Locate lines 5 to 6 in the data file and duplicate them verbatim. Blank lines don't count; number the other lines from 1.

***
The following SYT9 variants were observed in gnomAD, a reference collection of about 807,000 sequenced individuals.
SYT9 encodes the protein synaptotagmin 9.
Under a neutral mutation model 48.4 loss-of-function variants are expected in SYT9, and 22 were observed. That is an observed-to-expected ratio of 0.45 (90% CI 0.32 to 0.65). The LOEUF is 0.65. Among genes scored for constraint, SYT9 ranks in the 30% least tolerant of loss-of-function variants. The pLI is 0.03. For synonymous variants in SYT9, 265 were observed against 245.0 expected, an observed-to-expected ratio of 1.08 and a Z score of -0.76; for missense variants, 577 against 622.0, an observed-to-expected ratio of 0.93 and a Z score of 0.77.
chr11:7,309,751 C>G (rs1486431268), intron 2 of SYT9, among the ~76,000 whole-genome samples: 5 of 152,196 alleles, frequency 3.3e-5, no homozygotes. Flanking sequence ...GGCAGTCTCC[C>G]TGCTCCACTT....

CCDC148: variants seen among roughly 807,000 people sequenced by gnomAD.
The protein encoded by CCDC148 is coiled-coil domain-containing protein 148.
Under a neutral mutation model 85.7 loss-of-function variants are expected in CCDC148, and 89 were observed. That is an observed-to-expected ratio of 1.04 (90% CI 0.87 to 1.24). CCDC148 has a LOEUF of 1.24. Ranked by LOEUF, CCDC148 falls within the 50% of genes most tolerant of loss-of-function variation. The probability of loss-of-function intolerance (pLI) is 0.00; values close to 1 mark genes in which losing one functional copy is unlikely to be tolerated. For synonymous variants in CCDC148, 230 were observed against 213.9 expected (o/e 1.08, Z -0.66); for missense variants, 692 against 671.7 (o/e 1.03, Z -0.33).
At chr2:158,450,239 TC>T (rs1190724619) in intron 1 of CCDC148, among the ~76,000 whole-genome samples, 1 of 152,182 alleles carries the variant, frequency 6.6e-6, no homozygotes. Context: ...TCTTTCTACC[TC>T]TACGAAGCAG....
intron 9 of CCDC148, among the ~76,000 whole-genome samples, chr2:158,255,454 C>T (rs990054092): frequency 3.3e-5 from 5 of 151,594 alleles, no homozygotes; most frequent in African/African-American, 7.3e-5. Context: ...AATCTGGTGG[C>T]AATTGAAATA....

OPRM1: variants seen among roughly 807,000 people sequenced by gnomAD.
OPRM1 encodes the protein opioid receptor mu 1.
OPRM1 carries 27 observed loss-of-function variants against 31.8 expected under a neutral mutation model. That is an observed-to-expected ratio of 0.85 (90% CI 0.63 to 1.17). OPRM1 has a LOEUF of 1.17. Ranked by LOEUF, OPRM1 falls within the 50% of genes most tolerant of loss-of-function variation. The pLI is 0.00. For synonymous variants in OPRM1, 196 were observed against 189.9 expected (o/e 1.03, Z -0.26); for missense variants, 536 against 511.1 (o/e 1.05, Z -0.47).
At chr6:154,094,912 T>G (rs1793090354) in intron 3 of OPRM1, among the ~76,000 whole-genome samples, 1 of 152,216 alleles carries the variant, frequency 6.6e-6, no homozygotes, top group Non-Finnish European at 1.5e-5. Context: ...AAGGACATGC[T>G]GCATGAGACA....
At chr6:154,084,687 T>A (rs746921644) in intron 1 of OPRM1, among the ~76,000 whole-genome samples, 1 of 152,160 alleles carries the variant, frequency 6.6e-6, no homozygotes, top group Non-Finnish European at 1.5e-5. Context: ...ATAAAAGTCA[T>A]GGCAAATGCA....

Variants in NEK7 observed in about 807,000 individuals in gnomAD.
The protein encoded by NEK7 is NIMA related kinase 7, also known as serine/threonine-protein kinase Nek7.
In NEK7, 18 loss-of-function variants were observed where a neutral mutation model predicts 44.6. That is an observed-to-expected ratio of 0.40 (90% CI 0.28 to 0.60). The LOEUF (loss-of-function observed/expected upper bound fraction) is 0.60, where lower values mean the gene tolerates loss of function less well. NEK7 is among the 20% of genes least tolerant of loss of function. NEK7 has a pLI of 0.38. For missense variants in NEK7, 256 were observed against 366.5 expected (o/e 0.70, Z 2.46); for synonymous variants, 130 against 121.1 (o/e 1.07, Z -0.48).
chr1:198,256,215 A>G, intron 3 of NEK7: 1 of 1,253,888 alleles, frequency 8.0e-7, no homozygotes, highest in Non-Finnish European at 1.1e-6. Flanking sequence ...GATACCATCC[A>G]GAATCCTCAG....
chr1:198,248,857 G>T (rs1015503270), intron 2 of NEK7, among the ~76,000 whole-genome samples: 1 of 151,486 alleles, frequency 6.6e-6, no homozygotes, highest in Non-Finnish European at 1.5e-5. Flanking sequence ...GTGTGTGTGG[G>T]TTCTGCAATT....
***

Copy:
CCDC148: variants seen among roughly 807,000 people sequenced by gnomAD.
The protein encoded by CCDC148 is coiled-coil domain-containing protein 148.